October 23, 1978 12:00 PM

Pandora was overwhelmed with curiosity by the sight of one. Fabergé made them in enamel and jewels for czarinas to fondle lovingly. But plain, heart-shaped, musical or gift-wrapped by Tiffany, no one is more enraptured by boxes than artist Leo Rabkin. He has been collecting and decorating them for 21 years. Rabkin, 59, and his wife, Dorothy, 57, scavenge at auctions, junkyards, antique stores and flea markets for the hundreds of cartons, crates and baskets that are stacked against a wall of their Federal townhouse in Manhattan.

Rabkin converts boxes into what he calls “nugatory receptacles” (“nugatory” means trifling or worthless) by filling them with fanciful bits of plastic, wood, dowels, mirrors, fake amethysts, paper, prisms, paint, collages, even roll-on deodorant balls. The purpose is to create a glittering fantasy inside even the tiniest box. But Rabkin insists that beholders do more than merely look at his peculiar art. “You should encounter each construction, open it, hold it in your hands and discover it in a relaxed, unhurried manner,” he says.

This has created an obvious problem in exhibiting Rabkin’s work. Last spring New York’s Truman Gallery solved it by converting a small loft above the main floor into an atelier especially for Rabkin. The artist sat on a small white stool behind a table and displayed the 42 boxes in his show one by one to two gallery guests at a time. The guests were encouraged to unlock, tilt and shake each box, although prices ranged from $300 to $2,000.

Rabkin’s magpie instinct was fostered by his parents. His father, a Cincinnati real estate agent, collected old tools, and his mother squirreled away hundreds of boxes and trinkets in the family attic. After graduating from the University of Cincinnati, Rabkin served a three-year hitch in the Army in World War II and then earned an M.A. in vocational counseling at New York University. For the next 27 years he was a counselor and teacher of disturbed children in New York City schools, including several years in the tough Manhattan neighborhood known as Hell’s Kitchen.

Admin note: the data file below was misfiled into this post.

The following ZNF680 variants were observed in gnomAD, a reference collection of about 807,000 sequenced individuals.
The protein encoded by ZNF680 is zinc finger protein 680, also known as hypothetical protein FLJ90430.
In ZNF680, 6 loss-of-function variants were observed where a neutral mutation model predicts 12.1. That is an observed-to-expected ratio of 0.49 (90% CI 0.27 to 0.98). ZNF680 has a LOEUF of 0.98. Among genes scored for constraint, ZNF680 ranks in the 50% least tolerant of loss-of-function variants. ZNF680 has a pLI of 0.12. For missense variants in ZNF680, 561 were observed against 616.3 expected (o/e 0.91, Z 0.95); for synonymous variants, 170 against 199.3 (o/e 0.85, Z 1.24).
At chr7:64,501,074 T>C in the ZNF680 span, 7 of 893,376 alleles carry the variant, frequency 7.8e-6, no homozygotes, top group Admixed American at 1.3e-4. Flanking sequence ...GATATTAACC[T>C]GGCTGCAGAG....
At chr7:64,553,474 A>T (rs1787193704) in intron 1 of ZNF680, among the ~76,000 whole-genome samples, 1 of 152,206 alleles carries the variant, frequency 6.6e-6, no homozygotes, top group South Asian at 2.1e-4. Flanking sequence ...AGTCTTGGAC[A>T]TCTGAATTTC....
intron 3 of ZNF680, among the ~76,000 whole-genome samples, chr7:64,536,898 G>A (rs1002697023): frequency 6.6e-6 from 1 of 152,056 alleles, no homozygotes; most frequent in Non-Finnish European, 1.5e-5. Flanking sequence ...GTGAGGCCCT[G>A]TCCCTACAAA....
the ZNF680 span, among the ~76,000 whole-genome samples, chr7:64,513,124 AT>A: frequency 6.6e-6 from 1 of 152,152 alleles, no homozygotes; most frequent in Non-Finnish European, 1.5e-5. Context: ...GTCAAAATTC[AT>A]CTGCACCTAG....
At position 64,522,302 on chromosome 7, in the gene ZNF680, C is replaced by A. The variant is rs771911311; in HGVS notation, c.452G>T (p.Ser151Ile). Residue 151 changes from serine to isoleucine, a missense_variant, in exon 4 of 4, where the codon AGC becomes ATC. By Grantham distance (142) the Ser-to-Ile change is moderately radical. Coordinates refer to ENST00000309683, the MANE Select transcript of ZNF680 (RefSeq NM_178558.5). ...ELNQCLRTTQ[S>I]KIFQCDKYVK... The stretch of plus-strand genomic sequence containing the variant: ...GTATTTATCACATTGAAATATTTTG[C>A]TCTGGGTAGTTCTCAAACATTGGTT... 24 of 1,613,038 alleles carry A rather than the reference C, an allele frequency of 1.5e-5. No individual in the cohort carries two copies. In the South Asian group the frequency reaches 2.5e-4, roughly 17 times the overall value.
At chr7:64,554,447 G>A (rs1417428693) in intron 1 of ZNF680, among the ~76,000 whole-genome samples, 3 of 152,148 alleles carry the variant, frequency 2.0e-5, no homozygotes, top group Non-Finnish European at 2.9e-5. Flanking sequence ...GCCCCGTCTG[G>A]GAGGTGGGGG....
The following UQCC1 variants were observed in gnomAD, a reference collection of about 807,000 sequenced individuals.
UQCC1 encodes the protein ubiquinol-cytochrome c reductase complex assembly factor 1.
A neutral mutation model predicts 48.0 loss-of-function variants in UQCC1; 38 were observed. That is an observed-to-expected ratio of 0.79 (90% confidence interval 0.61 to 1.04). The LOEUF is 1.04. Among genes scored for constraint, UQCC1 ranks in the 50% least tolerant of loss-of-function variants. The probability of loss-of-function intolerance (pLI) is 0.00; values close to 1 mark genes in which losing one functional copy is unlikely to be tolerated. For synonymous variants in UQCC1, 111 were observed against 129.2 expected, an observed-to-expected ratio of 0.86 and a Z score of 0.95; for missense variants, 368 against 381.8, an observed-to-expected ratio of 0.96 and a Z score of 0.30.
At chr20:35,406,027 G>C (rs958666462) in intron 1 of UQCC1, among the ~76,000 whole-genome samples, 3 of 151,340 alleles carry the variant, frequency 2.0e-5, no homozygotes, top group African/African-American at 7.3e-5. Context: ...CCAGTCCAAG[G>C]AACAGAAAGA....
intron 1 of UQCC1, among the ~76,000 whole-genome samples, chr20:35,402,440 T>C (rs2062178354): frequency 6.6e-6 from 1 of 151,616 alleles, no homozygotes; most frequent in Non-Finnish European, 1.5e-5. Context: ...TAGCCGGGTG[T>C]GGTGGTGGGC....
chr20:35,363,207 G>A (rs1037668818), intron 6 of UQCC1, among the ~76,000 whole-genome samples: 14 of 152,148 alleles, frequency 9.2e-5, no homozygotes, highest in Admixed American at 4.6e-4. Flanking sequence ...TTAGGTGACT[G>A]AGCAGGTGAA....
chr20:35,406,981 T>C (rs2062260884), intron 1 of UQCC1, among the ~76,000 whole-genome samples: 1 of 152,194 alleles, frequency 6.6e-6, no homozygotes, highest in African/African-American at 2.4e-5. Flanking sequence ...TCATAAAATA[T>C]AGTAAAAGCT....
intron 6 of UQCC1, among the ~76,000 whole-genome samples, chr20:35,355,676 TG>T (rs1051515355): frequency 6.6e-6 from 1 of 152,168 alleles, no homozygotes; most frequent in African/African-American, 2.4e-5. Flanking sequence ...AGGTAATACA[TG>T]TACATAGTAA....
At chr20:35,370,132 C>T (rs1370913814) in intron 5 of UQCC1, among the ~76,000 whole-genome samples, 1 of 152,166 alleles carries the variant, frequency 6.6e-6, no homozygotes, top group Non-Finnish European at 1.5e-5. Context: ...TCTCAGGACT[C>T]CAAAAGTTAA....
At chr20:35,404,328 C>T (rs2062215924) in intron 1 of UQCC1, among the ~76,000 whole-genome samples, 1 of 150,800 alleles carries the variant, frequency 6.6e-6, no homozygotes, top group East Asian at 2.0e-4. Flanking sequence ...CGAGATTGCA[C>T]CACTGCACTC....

While teaching remedial reading and typing, Rabkin pursued his art and had many one-man exhibits of his water-colors. His abstracts, which can be found in the Museum of Modern Art and the Guggenheim, have been described by Arts Magazine as “quietly powerful, the serious play of a man in whom the child is vividly alive.”

Since Leo and the German-born Dorothy Herz were married 20 years ago, their interest in collecting has gone far beyond mere boxes. Their home is filled with Shaker furniture, early American toys and life-size art brut wooden figures. Four school blackboards have been “Rabkinized” into a living room coffee table.

Dorothy confines her creativity to cooking and homemaking. “I have no artistic ambitions,” she says. “Couples who are artists have a lot of tension.” Since his retirement from teaching in 1973, art has been Leo’s full-time occupation. His fascination with boxes is so great—he acknowledges being influenced by the geometric concepts of Buckminster Fuller—that he now spends less time painting.

He is still searching for alternative ways to exhibit his constructions. “A fine setting for them would be in an attic or a cellar,” he says, “the lighting unfavorable, the temperatures extreme, the odors pungent, and all the senses of the viewer keyed high.”

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